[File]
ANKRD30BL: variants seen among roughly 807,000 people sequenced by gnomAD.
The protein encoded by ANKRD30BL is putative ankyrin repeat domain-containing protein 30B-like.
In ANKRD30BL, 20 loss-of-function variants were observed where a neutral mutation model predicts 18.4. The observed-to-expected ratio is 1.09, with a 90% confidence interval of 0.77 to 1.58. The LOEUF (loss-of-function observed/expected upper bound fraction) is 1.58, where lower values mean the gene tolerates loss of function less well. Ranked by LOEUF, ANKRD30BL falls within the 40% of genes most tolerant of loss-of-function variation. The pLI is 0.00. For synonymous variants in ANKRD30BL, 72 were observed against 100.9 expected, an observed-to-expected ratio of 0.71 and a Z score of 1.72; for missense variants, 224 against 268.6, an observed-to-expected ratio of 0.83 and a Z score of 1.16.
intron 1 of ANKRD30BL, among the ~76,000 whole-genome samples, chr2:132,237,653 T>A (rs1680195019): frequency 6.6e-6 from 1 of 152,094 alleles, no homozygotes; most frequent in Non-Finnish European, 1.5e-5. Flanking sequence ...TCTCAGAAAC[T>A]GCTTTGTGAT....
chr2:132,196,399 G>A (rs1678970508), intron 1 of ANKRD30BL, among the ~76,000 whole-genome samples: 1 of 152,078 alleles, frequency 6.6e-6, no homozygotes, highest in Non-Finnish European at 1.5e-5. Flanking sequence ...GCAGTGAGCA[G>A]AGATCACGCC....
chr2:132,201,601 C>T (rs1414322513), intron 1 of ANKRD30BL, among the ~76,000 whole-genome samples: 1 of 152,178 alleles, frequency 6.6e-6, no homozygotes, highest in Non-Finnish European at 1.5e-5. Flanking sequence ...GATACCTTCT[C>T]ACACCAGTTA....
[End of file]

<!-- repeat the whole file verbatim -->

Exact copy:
ANKRD30BL: variants seen among roughly 807,000 people sequenced by gnomAD.
The protein encoded by ANKRD30BL is putative ankyrin repeat domain-containing protein 30B-like.
In ANKRD30BL, 20 loss-of-function variants were observed where a neutral mutation model predicts 18.4. The observed-to-expected ratio is 1.09, with a 90% confidence interval of 0.77 to 1.58. The LOEUF (loss-of-function observed/expected upper bound fraction) is 1.58, where lower values mean the gene tolerates loss of function less well. Ranked by LOEUF, ANKRD30BL falls within the 40% of genes most tolerant of loss-of-function variation. The pLI is 0.00. For synonymous variants in ANKRD30BL, 72 were observed against 100.9 expected, an observed-to-expected ratio of 0.71 and a Z score of 1.72; for missense variants, 224 against 268.6, an observed-to-expected ratio of 0.83 and a Z score of 1.16.
intron 1 of ANKRD30BL, among the ~76,000 whole-genome samples, chr2:132,237,653 T>A (rs1680195019): frequency 6.6e-6 from 1 of 152,094 alleles, no homozygotes; most frequent in Non-Finnish European, 1.5e-5. Flanking sequence ...TCTCAGAAAC[T>A]GCTTTGTGAT....
chr2:132,196,399 G>A (rs1678970508), intron 1 of ANKRD30BL, among the ~76,000 whole-genome samples: 1 of 152,078 alleles, frequency 6.6e-6, no homozygotes, highest in Non-Finnish European at 1.5e-5. Flanking sequence ...GCAGTGAGCA[G>A]AGATCACGCC....
chr2:132,201,601 C>T (rs1414322513), intron 1 of ANKRD30BL, among the ~76,000 whole-genome samples: 1 of 152,178 alleles, frequency 6.6e-6, no homozygotes, highest in Non-Finnish European at 1.5e-5. Flanking sequence ...GATACCTTCT[C>T]ACACCAGTTA....